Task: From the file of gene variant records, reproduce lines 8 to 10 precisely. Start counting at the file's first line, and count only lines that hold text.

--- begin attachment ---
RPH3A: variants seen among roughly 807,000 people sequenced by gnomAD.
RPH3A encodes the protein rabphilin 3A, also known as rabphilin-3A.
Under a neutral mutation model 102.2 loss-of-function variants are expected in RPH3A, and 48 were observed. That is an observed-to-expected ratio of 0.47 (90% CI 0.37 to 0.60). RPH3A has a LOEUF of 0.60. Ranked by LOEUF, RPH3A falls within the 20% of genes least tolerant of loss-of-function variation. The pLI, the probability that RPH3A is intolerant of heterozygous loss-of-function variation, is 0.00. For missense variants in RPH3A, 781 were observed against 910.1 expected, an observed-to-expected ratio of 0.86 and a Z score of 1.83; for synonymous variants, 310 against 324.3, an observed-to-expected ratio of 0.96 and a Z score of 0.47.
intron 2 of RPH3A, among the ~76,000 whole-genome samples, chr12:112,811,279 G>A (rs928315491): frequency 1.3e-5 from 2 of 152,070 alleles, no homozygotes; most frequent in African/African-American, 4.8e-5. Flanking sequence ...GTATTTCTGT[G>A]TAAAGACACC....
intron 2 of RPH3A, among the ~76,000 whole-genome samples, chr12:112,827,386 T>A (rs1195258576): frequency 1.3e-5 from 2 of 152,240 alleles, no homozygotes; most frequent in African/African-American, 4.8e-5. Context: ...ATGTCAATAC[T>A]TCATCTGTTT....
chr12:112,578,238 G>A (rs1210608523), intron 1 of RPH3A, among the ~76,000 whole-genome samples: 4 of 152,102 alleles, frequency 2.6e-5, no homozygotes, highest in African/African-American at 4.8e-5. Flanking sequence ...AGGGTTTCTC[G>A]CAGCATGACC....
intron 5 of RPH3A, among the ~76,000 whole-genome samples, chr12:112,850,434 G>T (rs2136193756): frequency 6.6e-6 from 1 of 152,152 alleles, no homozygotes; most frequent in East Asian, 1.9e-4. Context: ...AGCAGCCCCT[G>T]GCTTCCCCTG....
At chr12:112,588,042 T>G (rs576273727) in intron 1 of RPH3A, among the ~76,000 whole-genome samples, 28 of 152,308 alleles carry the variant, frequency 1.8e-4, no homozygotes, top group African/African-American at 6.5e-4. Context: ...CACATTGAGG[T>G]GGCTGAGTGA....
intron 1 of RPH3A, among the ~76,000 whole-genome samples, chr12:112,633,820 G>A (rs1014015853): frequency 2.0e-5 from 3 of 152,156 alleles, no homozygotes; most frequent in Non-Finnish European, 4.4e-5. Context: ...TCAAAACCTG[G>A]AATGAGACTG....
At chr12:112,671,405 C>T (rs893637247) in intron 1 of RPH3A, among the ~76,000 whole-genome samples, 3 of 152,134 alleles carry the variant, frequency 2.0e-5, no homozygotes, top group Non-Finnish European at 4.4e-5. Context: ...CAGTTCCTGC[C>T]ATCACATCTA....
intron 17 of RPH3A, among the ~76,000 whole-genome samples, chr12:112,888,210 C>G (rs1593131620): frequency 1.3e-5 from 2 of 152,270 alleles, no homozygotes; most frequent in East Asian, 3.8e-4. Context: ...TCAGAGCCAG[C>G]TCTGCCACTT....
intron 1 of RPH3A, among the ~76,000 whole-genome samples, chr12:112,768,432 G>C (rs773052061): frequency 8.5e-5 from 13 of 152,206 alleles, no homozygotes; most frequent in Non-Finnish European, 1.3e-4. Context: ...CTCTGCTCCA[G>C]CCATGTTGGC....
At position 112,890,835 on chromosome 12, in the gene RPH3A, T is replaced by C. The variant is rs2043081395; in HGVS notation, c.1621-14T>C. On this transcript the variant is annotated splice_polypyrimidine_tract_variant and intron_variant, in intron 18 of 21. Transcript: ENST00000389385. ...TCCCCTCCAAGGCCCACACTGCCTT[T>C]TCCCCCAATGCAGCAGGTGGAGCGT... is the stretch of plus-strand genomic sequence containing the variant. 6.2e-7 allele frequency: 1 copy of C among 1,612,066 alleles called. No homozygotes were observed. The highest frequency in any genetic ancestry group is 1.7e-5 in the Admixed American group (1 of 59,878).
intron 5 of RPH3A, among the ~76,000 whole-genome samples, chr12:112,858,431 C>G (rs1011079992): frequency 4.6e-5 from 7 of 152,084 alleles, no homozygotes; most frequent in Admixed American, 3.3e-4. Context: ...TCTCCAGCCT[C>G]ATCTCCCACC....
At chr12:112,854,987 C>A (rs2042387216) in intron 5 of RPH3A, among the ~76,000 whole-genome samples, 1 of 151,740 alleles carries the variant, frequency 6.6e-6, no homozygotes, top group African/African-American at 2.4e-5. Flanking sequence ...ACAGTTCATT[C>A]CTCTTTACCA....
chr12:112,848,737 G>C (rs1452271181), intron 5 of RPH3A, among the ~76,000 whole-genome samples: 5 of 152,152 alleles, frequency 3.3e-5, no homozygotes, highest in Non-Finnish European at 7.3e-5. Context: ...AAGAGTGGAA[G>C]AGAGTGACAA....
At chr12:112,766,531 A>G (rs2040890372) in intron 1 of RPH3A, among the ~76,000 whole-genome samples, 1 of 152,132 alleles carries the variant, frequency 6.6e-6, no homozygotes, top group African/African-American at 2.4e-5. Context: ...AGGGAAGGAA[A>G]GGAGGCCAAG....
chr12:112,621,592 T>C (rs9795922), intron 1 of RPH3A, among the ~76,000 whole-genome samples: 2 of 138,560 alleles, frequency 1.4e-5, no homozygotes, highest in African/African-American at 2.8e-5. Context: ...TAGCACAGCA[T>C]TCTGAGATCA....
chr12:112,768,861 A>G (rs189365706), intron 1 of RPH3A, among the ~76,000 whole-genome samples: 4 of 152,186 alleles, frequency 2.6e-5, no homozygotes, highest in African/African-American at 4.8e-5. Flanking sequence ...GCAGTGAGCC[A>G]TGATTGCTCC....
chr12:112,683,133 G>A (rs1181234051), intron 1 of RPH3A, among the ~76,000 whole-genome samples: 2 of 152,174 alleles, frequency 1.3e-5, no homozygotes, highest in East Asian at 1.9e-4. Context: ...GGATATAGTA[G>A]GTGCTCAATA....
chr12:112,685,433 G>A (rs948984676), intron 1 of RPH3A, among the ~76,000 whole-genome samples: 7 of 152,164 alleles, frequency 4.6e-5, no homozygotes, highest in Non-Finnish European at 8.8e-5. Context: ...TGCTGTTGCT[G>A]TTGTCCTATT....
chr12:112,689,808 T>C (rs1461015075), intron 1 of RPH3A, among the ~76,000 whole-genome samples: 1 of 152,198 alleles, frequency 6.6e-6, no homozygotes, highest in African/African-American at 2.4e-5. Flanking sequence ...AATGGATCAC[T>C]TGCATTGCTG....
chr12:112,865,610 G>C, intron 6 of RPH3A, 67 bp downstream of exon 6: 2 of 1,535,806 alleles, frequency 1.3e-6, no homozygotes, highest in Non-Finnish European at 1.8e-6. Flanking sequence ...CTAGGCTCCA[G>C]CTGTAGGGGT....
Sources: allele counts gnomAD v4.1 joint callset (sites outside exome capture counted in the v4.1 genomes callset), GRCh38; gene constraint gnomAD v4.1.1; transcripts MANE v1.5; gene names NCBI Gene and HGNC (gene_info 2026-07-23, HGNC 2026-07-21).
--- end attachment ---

At chr12:112,588,042 T>G (rs576273727) in intron 1 of RPH3A, among the ~76,000 whole-genome samples, 28 of 152,308 alleles carry the variant, frequency 1.8e-4, no homozygotes, top group African/African-American at 6.5e-4. Context: ...CACATTGAGG[T>G]GGCTGAGTGA....
intron 1 of RPH3A, among the ~76,000 whole-genome samples, chr12:112,633,820 G>A (rs1014015853): frequency 2.0e-5 from 3 of 152,156 alleles, no homozygotes; most frequent in Non-Finnish European, 4.4e-5. Context: ...TCAAAACCTG[G>A]AATGAGACTG....
At chr12:112,671,405 C>T (rs893637247) in intron 1 of RPH3A, among the ~76,000 whole-genome samples, 3 of 152,134 alleles carry the variant, frequency 2.0e-5, no homozygotes, top group Non-Finnish European at 4.4e-5. Context: ...CAGTTCCTGC[C>T]ATCACATCTA....